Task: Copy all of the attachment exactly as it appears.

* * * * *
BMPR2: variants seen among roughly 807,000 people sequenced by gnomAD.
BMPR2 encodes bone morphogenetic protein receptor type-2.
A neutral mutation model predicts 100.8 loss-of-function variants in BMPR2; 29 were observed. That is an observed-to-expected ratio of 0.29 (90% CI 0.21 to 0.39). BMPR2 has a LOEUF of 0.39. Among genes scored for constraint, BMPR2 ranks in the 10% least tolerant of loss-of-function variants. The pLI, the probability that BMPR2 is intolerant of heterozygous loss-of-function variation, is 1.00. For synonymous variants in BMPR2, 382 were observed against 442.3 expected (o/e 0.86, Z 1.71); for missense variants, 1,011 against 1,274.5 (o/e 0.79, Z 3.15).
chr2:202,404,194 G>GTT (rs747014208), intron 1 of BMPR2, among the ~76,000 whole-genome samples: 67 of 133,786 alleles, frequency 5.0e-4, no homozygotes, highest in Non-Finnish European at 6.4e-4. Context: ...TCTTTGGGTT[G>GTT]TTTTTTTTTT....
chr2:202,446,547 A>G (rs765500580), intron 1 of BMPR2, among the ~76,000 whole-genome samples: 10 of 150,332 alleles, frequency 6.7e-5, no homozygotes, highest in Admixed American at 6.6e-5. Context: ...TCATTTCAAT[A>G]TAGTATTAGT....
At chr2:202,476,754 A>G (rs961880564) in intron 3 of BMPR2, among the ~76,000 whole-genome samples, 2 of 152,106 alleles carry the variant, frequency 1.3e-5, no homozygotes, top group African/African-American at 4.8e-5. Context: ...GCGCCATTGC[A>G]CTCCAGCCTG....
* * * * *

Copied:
BMPR2: variants seen among roughly 807,000 people sequenced by gnomAD.
BMPR2 encodes bone morphogenetic protein receptor type-2.
A neutral mutation model predicts 100.8 loss-of-function variants in BMPR2; 29 were observed. That is an observed-to-expected ratio of 0.29 (90% CI 0.21 to 0.39). BMPR2 has a LOEUF of 0.39. Among genes scored for constraint, BMPR2 ranks in the 10% least tolerant of loss-of-function variants. The pLI, the probability that BMPR2 is intolerant of heterozygous loss-of-function variation, is 1.00. For synonymous variants in BMPR2, 382 were observed against 442.3 expected (o/e 0.86, Z 1.71); for missense variants, 1,011 against 1,274.5 (o/e 0.79, Z 3.15).
chr2:202,404,194 G>GTT (rs747014208), intron 1 of BMPR2, among the ~76,000 whole-genome samples: 67 of 133,786 alleles, frequency 5.0e-4, no homozygotes, highest in Non-Finnish European at 6.4e-4. Context: ...TCTTTGGGTT[G>GTT]TTTTTTTTTT....
chr2:202,446,547 A>G (rs765500580), intron 1 of BMPR2, among the ~76,000 whole-genome samples: 10 of 150,332 alleles, frequency 6.7e-5, no homozygotes, highest in Admixed American at 6.6e-5. Context: ...TCATTTCAAT[A>G]TAGTATTAGT....
At chr2:202,476,754 A>G (rs961880564) in intron 3 of BMPR2, among the ~76,000 whole-genome samples, 2 of 152,106 alleles carry the variant, frequency 1.3e-5, no homozygotes, top group African/African-American at 4.8e-5. Context: ...GCGCCATTGC[A>G]CTCCAGCCTG....